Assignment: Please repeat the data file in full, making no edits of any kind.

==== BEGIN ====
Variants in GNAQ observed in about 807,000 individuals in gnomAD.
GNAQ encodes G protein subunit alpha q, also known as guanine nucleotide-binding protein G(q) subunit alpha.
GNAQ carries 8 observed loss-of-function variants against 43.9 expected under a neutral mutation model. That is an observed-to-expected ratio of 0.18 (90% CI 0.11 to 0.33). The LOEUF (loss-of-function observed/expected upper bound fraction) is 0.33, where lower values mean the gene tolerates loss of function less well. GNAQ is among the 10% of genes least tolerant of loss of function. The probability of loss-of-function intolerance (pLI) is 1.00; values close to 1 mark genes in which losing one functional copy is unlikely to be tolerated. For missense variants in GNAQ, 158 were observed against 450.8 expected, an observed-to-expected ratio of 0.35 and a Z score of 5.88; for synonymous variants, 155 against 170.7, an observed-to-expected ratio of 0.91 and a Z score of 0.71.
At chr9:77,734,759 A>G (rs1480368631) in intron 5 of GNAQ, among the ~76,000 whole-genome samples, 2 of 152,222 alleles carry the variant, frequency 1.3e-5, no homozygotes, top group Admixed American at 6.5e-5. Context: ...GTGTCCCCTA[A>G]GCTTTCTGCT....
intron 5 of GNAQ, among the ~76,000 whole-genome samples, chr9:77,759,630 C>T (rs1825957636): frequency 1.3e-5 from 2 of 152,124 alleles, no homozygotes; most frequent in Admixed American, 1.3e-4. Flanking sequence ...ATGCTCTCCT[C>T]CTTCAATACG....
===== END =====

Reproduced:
Variants in GNAQ observed in about 807,000 individuals in gnomAD.
GNAQ encodes G protein subunit alpha q, also known as guanine nucleotide-binding protein G(q) subunit alpha.
GNAQ carries 8 observed loss-of-function variants against 43.9 expected under a neutral mutation model. That is an observed-to-expected ratio of 0.18 (90% CI 0.11 to 0.33). The LOEUF (loss-of-function observed/expected upper bound fraction) is 0.33, where lower values mean the gene tolerates loss of function less well. GNAQ is among the 10% of genes least tolerant of loss of function. The probability of loss-of-function intolerance (pLI) is 1.00; values close to 1 mark genes in which losing one functional copy is unlikely to be tolerated. For missense variants in GNAQ, 158 were observed against 450.8 expected, an observed-to-expected ratio of 0.35 and a Z score of 5.88; for synonymous variants, 155 against 170.7, an observed-to-expected ratio of 0.91 and a Z score of 0.71.
At chr9:77,734,759 A>G (rs1480368631) in intron 5 of GNAQ, among the ~76,000 whole-genome samples, 2 of 152,222 alleles carry the variant, frequency 1.3e-5, no homozygotes, top group Admixed American at 6.5e-5. Context: ...GTGTCCCCTA[A>G]GCTTTCTGCT....
intron 5 of GNAQ, among the ~76,000 whole-genome samples, chr9:77,759,630 C>T (rs1825957636): frequency 1.3e-5 from 2 of 152,124 alleles, no homozygotes; most frequent in Admixed American, 1.3e-4. Flanking sequence ...ATGCTCTCCT[C>T]CTTCAATACG....